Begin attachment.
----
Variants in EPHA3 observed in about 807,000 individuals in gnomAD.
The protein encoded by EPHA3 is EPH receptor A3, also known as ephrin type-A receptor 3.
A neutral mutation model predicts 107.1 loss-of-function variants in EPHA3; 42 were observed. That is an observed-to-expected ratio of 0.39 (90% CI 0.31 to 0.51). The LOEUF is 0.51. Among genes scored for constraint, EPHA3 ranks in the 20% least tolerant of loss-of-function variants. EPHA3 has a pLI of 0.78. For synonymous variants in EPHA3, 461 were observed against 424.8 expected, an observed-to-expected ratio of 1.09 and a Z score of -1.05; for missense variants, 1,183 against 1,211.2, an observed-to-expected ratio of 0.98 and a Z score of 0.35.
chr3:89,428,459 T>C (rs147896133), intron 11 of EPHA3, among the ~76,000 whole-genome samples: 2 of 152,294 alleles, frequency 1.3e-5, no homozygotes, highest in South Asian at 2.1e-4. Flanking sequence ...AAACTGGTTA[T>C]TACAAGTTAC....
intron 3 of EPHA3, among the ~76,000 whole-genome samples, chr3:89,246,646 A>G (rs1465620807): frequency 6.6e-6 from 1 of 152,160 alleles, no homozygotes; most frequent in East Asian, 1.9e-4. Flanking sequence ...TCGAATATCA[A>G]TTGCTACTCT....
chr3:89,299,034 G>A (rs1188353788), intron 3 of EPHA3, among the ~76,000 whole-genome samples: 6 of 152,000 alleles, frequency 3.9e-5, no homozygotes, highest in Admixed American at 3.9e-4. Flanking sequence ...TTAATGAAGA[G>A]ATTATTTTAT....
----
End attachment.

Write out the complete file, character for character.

Variants in EPHA3 observed in about 807,000 individuals in gnomAD.
The protein encoded by EPHA3 is EPH receptor A3, also known as ephrin type-A receptor 3.
A neutral mutation model predicts 107.1 loss-of-function variants in EPHA3; 42 were observed. That is an observed-to-expected ratio of 0.39 (90% CI 0.31 to 0.51). The LOEUF is 0.51. Among genes scored for constraint, EPHA3 ranks in the 20% least tolerant of loss-of-function variants. EPHA3 has a pLI of 0.78. For synonymous variants in EPHA3, 461 were observed against 424.8 expected, an observed-to-expected ratio of 1.09 and a Z score of -1.05; for missense variants, 1,183 against 1,211.2, an observed-to-expected ratio of 0.98 and a Z score of 0.35.
chr3:89,428,459 T>C (rs147896133), intron 11 of EPHA3, among the ~76,000 whole-genome samples: 2 of 152,294 alleles, frequency 1.3e-5, no homozygotes, highest in South Asian at 2.1e-4. Flanking sequence ...AAACTGGTTA[T>C]TACAAGTTAC....
intron 3 of EPHA3, among the ~76,000 whole-genome samples, chr3:89,246,646 A>G (rs1465620807): frequency 6.6e-6 from 1 of 152,160 alleles, no homozygotes; most frequent in East Asian, 1.9e-4. Flanking sequence ...TCGAATATCA[A>G]TTGCTACTCT....
chr3:89,299,034 G>A (rs1188353788), intron 3 of EPHA3, among the ~76,000 whole-genome samples: 6 of 152,000 alleles, frequency 3.9e-5, no homozygotes, highest in Admixed American at 3.9e-4. Flanking sequence ...TTAATGAAGA[G>A]ATTATTTTAT....